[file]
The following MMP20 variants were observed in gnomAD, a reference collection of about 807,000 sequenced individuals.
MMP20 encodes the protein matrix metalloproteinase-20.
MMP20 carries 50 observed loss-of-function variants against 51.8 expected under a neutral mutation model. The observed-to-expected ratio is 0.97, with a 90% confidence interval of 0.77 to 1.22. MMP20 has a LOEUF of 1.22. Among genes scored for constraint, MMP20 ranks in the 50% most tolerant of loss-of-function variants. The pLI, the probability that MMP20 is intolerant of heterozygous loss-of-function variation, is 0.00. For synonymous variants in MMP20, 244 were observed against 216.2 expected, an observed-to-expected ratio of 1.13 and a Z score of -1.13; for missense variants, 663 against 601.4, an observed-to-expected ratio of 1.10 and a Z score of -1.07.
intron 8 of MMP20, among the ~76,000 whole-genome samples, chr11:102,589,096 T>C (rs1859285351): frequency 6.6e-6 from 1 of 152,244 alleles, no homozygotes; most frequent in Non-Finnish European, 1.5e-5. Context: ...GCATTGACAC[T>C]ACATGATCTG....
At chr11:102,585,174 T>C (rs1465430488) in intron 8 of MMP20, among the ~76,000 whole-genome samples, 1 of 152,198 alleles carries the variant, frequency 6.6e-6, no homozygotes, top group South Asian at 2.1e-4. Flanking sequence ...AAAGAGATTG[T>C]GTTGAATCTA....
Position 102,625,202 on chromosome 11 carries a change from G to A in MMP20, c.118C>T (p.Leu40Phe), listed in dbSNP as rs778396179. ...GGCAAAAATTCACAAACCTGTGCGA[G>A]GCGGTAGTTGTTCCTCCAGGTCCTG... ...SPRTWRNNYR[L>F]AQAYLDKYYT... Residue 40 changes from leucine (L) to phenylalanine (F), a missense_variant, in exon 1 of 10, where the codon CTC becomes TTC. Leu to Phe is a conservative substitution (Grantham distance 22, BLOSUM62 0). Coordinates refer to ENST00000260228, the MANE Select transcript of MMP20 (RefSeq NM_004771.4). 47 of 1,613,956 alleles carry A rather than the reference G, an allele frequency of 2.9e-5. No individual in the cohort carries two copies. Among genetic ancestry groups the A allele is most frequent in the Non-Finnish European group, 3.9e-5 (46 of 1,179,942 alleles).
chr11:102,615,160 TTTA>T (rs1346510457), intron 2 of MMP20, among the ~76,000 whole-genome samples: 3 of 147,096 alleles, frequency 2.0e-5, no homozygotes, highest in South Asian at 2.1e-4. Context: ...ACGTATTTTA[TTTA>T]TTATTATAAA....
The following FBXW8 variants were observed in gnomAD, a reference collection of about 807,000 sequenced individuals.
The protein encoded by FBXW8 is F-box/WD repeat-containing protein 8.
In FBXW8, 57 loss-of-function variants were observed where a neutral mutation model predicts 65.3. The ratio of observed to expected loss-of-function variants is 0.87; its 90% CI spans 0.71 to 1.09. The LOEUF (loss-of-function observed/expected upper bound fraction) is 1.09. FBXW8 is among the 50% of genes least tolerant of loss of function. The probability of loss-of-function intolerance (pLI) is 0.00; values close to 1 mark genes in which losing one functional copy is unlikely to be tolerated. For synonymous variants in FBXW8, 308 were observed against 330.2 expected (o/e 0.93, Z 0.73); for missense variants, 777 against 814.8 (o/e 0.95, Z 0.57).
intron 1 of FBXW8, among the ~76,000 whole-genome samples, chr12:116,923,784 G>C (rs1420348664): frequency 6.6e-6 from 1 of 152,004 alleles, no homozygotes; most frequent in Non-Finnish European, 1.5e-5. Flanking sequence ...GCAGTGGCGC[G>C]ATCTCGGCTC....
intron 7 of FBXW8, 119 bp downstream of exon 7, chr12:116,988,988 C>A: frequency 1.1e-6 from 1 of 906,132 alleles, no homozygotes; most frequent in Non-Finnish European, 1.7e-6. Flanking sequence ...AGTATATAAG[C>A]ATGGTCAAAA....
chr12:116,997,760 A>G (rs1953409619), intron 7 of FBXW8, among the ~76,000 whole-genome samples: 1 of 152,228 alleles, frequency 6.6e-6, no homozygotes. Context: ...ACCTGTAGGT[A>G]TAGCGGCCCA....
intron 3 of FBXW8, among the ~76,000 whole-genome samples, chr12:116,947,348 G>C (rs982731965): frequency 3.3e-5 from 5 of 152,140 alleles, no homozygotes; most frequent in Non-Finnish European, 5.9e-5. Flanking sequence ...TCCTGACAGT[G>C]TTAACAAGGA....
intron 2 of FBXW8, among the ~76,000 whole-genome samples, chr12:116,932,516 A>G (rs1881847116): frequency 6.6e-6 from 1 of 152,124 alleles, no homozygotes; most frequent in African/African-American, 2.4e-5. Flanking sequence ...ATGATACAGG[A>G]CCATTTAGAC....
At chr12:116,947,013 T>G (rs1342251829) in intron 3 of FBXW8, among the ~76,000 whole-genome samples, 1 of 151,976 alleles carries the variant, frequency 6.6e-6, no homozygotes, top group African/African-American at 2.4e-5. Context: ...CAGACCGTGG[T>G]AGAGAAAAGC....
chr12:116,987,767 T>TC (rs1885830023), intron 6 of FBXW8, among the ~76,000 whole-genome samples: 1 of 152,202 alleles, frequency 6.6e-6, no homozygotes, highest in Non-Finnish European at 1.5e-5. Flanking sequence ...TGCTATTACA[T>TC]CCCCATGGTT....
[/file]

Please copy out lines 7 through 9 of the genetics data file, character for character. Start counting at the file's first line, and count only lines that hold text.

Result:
chr11:102,615,160 TTTA>T (rs1346510457), intron 2 of MMP20, among the ~76,000 whole-genome samples: 3 of 147,096 alleles, frequency 2.0e-5, no homozygotes, highest in South Asian at 2.1e-4. Context: ...ACGTATTTTA[TTTA>T]TTATTATAAA....
The following FBXW8 variants were observed in gnomAD, a reference collection of about 807,000 sequenced individuals.
The protein encoded by FBXW8 is F-box/WD repeat-containing protein 8.